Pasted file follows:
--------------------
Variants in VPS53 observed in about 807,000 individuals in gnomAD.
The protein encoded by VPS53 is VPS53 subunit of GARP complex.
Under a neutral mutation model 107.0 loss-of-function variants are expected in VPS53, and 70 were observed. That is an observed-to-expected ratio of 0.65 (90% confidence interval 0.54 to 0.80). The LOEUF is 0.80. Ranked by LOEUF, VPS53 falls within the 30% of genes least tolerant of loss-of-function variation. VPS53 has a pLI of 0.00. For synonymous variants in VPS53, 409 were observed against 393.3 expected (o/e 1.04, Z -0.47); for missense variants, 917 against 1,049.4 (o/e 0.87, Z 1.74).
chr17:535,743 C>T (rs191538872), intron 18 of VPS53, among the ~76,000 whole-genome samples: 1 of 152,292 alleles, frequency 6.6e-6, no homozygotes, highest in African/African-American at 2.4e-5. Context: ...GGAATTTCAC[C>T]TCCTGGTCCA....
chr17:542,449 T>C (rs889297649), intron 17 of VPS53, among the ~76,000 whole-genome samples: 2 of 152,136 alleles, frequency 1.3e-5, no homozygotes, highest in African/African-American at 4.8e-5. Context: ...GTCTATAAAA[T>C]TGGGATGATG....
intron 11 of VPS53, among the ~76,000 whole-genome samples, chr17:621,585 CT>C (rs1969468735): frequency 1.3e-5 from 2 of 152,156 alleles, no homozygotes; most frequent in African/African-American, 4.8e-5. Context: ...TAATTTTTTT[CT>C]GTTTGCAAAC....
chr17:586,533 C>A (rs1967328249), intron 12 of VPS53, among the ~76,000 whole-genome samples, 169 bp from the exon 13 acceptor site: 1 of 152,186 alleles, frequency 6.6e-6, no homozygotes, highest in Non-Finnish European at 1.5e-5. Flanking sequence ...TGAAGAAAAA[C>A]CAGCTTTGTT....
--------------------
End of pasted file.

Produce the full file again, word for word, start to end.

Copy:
Variants in VPS53 observed in about 807,000 individuals in gnomAD.
The protein encoded by VPS53 is VPS53 subunit of GARP complex.
Under a neutral mutation model 107.0 loss-of-function variants are expected in VPS53, and 70 were observed. That is an observed-to-expected ratio of 0.65 (90% confidence interval 0.54 to 0.80). The LOEUF is 0.80. Ranked by LOEUF, VPS53 falls within the 30% of genes least tolerant of loss-of-function variation. VPS53 has a pLI of 0.00. For synonymous variants in VPS53, 409 were observed against 393.3 expected (o/e 1.04, Z -0.47); for missense variants, 917 against 1,049.4 (o/e 0.87, Z 1.74).
chr17:535,743 C>T (rs191538872), intron 18 of VPS53, among the ~76,000 whole-genome samples: 1 of 152,292 alleles, frequency 6.6e-6, no homozygotes, highest in African/African-American at 2.4e-5. Context: ...GGAATTTCAC[C>T]TCCTGGTCCA....
chr17:542,449 T>C (rs889297649), intron 17 of VPS53, among the ~76,000 whole-genome samples: 2 of 152,136 alleles, frequency 1.3e-5, no homozygotes, highest in African/African-American at 4.8e-5. Context: ...GTCTATAAAA[T>C]TGGGATGATG....
intron 11 of VPS53, among the ~76,000 whole-genome samples, chr17:621,585 CT>C (rs1969468735): frequency 1.3e-5 from 2 of 152,156 alleles, no homozygotes; most frequent in African/African-American, 4.8e-5. Context: ...TAATTTTTTT[CT>C]GTTTGCAAAC....
chr17:586,533 C>A (rs1967328249), intron 12 of VPS53, among the ~76,000 whole-genome samples, 169 bp from the exon 13 acceptor site: 1 of 152,186 alleles, frequency 6.6e-6, no homozygotes, highest in Non-Finnish European at 1.5e-5. Flanking sequence ...TGAAGAAAAA[C>A]CAGCTTTGTT....